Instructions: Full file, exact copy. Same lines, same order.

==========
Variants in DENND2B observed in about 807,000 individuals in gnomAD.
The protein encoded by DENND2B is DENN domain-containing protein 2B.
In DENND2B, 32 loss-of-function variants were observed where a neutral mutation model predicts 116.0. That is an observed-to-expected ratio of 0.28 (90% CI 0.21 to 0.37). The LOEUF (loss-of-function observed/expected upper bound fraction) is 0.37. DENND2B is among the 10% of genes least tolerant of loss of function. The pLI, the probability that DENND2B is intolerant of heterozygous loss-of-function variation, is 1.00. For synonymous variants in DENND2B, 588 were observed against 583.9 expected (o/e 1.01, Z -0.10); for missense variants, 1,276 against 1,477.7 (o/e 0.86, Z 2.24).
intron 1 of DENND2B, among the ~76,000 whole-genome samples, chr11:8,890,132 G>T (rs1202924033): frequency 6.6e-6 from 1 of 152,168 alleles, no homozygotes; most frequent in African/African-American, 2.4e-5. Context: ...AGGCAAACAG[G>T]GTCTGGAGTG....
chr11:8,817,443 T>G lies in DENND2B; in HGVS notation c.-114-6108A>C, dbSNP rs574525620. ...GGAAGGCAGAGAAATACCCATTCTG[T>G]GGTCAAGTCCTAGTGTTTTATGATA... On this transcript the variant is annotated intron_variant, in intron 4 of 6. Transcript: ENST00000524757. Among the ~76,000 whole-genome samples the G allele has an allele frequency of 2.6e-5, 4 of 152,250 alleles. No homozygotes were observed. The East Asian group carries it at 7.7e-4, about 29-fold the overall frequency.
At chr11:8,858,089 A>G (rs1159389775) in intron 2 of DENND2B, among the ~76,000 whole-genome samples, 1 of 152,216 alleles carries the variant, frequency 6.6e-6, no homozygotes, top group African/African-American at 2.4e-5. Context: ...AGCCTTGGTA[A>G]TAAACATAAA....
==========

Variants in DENND2B observed in about 807,000 individuals in gnomAD.
The protein encoded by DENND2B is DENN domain-containing protein 2B.
In DENND2B, 32 loss-of-function variants were observed where a neutral mutation model predicts 116.0. That is an observed-to-expected ratio of 0.28 (90% CI 0.21 to 0.37). The LOEUF (loss-of-function observed/expected upper bound fraction) is 0.37. DENND2B is among the 10% of genes least tolerant of loss of function. The pLI, the probability that DENND2B is intolerant of heterozygous loss-of-function variation, is 1.00. For synonymous variants in DENND2B, 588 were observed against 583.9 expected (o/e 1.01, Z -0.10); for missense variants, 1,276 against 1,477.7 (o/e 0.86, Z 2.24).
intron 1 of DENND2B, among the ~76,000 whole-genome samples, chr11:8,890,132 G>T (rs1202924033): frequency 6.6e-6 from 1 of 152,168 alleles, no homozygotes; most frequent in African/African-American, 2.4e-5. Context: ...AGGCAAACAG[G>T]GTCTGGAGTG....
chr11:8,817,443 T>G lies in DENND2B; in HGVS notation c.-114-6108A>C, dbSNP rs574525620. ...GGAAGGCAGAGAAATACCCATTCTG[T>G]GGTCAAGTCCTAGTGTTTTATGATA... On this transcript the variant is annotated intron_variant, in intron 4 of 6. Transcript: ENST00000524757. Among the ~76,000 whole-genome samples the G allele has an allele frequency of 2.6e-5, 4 of 152,250 alleles. No homozygotes were observed. The East Asian group carries it at 7.7e-4, about 29-fold the overall frequency.
At chr11:8,858,089 A>G (rs1159389775) in intron 2 of DENND2B, among the ~76,000 whole-genome samples, 1 of 152,216 alleles carries the variant, frequency 6.6e-6, no homozygotes, top group African/African-American at 2.4e-5. Context: ...AGCCTTGGTA[A>G]TAAACATAAA....